Varied angle-of-attack maneuvers will come into play when engineers begin testing the use of Amraam on the F-35. As pilots will want to “fire and forget” their air-attack weapons, they will need to employ them in a much larger flight envelope than the ground-attack munitions.
Unlike the JDAM series, Amraam is powered by a solid-rocket-fuel motor and is dispatched from its position on the door of the F-35 weapon bay. JDAMs are carried on a bomb rack mounted inside the belly.
Initially, developers plan only to demonstrate safe separation of the Amraam, using test bodies lacking a rocket motor. They hope to actually fire an Amraam from the F-35 by the end of January, Wagner says.
Although the three F-35 types share some elements, each weapon model must be tested separately on each fighter version. Those trials will be conducted in parallel, he says. The program prioritizes tests of internal-carriage weapons, as those are required for the Block II and Block III F-35 releases; Block IIB software is what the U.S. Marine Corps will use for declaring initial operational capability (IOC) with its F-35Bs.
The first external weapons will be used in Block III, which is the software version required for IOC for Air Force and Navy models; Block III will be released no earlier than 2017. Introduction of the Boeing GBU-39 Small-Diameter Bomb, a 250-lb. glide weapon, is slated for the Block IV software release at the end of the decade. This weapon was developed by the Air Force specifically to maximize the number of ground targets that the F-35, with its limited internal-bay space, can attack on a single mission; four SDBs can be mounted in place of each JDAM position, allowing for the F-35 and F-22 to each carry eight of the weapons internally. The SDB II, a version incorporating a tri-mode seeker for all-weather, day/night engagements, is now being developed by Raytheon. The first units will be delivered for operational use in 2016 (see p. 61).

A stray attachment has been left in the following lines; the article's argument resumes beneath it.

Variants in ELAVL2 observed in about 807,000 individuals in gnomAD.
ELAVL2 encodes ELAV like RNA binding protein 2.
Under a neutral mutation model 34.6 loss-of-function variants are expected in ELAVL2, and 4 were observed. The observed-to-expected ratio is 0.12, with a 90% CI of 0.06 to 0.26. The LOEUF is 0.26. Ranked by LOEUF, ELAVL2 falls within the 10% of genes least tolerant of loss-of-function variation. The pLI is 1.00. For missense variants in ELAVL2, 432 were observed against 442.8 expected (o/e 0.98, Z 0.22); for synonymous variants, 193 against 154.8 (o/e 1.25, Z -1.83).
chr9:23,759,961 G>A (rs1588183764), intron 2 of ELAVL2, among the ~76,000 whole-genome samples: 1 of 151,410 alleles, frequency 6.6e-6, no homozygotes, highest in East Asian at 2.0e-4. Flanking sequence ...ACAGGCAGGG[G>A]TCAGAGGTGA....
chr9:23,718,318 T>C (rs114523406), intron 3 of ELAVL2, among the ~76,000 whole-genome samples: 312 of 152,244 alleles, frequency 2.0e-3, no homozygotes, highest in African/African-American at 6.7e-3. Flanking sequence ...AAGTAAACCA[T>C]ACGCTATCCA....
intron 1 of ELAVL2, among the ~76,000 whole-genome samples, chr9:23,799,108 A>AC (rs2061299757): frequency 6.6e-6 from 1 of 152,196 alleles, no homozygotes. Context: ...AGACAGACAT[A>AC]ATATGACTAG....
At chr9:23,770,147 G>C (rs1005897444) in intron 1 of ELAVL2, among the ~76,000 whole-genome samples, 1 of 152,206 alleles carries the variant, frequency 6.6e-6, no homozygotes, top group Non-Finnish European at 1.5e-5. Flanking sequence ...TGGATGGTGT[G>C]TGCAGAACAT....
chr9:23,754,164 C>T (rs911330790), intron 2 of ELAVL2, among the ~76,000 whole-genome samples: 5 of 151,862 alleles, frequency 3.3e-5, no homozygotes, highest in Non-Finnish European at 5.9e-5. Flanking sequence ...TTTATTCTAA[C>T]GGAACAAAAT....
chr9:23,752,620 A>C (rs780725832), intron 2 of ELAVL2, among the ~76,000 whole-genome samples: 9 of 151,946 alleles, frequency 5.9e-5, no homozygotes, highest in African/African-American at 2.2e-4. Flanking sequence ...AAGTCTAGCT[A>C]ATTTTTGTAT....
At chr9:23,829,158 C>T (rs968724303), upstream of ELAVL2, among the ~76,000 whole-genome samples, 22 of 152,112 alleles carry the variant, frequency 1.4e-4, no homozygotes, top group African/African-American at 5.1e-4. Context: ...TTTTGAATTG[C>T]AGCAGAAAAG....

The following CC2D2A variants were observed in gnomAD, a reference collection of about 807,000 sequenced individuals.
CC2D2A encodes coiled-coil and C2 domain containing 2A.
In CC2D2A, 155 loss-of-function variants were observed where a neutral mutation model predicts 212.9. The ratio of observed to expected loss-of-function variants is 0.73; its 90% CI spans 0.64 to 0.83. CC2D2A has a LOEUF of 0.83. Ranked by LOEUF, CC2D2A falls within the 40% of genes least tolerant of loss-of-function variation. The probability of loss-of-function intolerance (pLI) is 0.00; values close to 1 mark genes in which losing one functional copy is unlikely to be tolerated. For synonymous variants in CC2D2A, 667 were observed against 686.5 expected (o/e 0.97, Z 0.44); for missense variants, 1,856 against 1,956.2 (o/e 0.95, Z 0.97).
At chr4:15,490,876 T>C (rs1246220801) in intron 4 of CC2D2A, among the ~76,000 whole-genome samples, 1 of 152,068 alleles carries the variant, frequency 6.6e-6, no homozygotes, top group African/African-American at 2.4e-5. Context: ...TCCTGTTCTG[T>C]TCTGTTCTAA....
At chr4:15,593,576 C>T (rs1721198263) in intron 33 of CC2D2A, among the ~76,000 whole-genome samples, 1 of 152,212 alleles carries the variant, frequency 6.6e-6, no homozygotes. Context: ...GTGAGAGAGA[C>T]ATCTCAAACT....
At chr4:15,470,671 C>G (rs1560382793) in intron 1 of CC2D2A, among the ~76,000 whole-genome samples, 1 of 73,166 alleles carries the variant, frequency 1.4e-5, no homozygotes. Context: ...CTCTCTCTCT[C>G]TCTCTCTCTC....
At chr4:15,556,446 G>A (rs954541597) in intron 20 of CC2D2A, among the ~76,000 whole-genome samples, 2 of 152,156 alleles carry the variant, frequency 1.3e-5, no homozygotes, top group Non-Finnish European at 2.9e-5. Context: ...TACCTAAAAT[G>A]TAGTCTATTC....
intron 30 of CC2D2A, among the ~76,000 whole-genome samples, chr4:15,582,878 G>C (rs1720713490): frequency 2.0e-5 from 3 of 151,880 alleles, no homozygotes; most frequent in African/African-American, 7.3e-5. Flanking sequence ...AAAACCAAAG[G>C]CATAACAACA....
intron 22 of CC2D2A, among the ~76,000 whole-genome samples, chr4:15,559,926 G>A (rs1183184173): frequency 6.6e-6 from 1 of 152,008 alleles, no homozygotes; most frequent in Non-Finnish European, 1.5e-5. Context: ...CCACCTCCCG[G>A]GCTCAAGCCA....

The F-35 also is being developed to carry nuclear weapons. Testing of nuclear munitions on the fighter is not slated to begin until after the aircraft development phase is complete.
In the meantime, F-35 developers are sharing the thermal and acoustic data being collected from the bay with the weapon manufacturers. While the bay environment is close to the design specifications of weapons already in the arsenal, the developers hope that sharing this information will help engineers crafting next-generation munitions to design them with those environmental factors in mind, Wagner says.
The Aug. 8 weapon separation test was a major milestone for the Pentagon-led F-35 program. To view a video of it, check out the digital edition of AW&ST on leading tablets and smartphones, or visit AviationWeek.com/jdamdrop
Integrating a number of diverse weapons onto the F-35 will be critical to the stealthy fighter's utility for its global customers. To view an interactive chart of weapons slated for use on the F-35, check out the digital edition of AW&ST on leading tablets and smartphones, or visit AviationWeek.com/jsfweapons